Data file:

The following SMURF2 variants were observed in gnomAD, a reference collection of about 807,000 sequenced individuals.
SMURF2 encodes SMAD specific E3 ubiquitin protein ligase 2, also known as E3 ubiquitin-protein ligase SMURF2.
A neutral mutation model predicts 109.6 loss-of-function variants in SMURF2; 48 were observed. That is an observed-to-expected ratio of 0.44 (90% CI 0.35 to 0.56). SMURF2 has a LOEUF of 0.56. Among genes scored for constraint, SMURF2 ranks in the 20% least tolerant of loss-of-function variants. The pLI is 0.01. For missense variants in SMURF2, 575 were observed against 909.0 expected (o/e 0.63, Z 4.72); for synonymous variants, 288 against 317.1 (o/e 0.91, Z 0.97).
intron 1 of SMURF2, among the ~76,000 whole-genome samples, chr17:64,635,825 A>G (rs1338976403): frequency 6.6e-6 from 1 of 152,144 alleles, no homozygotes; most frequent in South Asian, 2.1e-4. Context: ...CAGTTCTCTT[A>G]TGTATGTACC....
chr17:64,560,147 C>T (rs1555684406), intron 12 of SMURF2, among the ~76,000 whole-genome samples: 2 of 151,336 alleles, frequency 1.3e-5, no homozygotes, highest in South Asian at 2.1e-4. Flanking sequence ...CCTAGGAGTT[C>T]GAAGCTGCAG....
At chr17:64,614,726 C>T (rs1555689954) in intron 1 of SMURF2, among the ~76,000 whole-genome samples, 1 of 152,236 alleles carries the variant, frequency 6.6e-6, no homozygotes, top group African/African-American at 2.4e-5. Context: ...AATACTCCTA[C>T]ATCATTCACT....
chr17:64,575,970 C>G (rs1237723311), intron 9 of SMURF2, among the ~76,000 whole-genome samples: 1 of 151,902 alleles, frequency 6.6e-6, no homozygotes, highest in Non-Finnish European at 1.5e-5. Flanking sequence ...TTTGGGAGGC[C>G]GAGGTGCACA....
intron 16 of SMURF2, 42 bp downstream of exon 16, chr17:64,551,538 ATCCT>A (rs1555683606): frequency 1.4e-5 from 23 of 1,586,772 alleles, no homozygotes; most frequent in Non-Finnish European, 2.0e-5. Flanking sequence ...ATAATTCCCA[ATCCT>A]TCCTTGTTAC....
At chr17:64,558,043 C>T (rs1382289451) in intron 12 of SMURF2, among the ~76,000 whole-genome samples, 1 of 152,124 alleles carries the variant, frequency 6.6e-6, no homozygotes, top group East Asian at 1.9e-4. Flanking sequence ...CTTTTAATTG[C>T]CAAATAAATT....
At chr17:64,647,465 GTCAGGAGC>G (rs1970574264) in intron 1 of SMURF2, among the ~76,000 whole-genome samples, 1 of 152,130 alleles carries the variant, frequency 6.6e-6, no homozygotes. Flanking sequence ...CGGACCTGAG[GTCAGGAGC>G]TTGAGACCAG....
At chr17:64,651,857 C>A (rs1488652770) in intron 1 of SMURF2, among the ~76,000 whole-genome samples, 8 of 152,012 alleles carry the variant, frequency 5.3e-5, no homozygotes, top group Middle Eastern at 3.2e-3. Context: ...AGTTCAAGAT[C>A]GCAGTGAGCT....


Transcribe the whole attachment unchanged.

The following SMURF2 variants were observed in gnomAD, a reference collection of about 807,000 sequenced individuals.
SMURF2 encodes SMAD specific E3 ubiquitin protein ligase 2, also known as E3 ubiquitin-protein ligase SMURF2.
A neutral mutation model predicts 109.6 loss-of-function variants in SMURF2; 48 were observed. That is an observed-to-expected ratio of 0.44 (90% CI 0.35 to 0.56). SMURF2 has a LOEUF of 0.56. Among genes scored for constraint, SMURF2 ranks in the 20% least tolerant of loss-of-function variants. The pLI is 0.01. For missense variants in SMURF2, 575 were observed against 909.0 expected (o/e 0.63, Z 4.72); for synonymous variants, 288 against 317.1 (o/e 0.91, Z 0.97).
intron 1 of SMURF2, among the ~76,000 whole-genome samples, chr17:64,635,825 A>G (rs1338976403): frequency 6.6e-6 from 1 of 152,144 alleles, no homozygotes; most frequent in South Asian, 2.1e-4. Context: ...CAGTTCTCTT[A>G]TGTATGTACC....
chr17:64,560,147 C>T (rs1555684406), intron 12 of SMURF2, among the ~76,000 whole-genome samples: 2 of 151,336 alleles, frequency 1.3e-5, no homozygotes, highest in South Asian at 2.1e-4. Flanking sequence ...CCTAGGAGTT[C>T]GAAGCTGCAG....
At chr17:64,614,726 C>T (rs1555689954) in intron 1 of SMURF2, among the ~76,000 whole-genome samples, 1 of 152,236 alleles carries the variant, frequency 6.6e-6, no homozygotes, top group African/African-American at 2.4e-5. Context: ...AATACTCCTA[C>T]ATCATTCACT....
chr17:64,575,970 C>G (rs1237723311), intron 9 of SMURF2, among the ~76,000 whole-genome samples: 1 of 151,902 alleles, frequency 6.6e-6, no homozygotes, highest in Non-Finnish European at 1.5e-5. Flanking sequence ...TTTGGGAGGC[C>G]GAGGTGCACA....
intron 16 of SMURF2, 42 bp downstream of exon 16, chr17:64,551,538 ATCCT>A (rs1555683606): frequency 1.4e-5 from 23 of 1,586,772 alleles, no homozygotes; most frequent in Non-Finnish European, 2.0e-5. Flanking sequence ...ATAATTCCCA[ATCCT>A]TCCTTGTTAC....
At chr17:64,558,043 C>T (rs1382289451) in intron 12 of SMURF2, among the ~76,000 whole-genome samples, 1 of 152,124 alleles carries the variant, frequency 6.6e-6, no homozygotes, top group East Asian at 1.9e-4. Flanking sequence ...CTTTTAATTG[C>T]CAAATAAATT....
At chr17:64,647,465 GTCAGGAGC>G (rs1970574264) in intron 1 of SMURF2, among the ~76,000 whole-genome samples, 1 of 152,130 alleles carries the variant, frequency 6.6e-6, no homozygotes. Flanking sequence ...CGGACCTGAG[GTCAGGAGC>G]TTGAGACCAG....
At chr17:64,651,857 C>A (rs1488652770) in intron 1 of SMURF2, among the ~76,000 whole-genome samples, 8 of 152,012 alleles carry the variant, frequency 5.3e-5, no homozygotes, top group Middle Eastern at 3.2e-3. Context: ...AGTTCAAGAT[C>A]GCAGTGAGCT....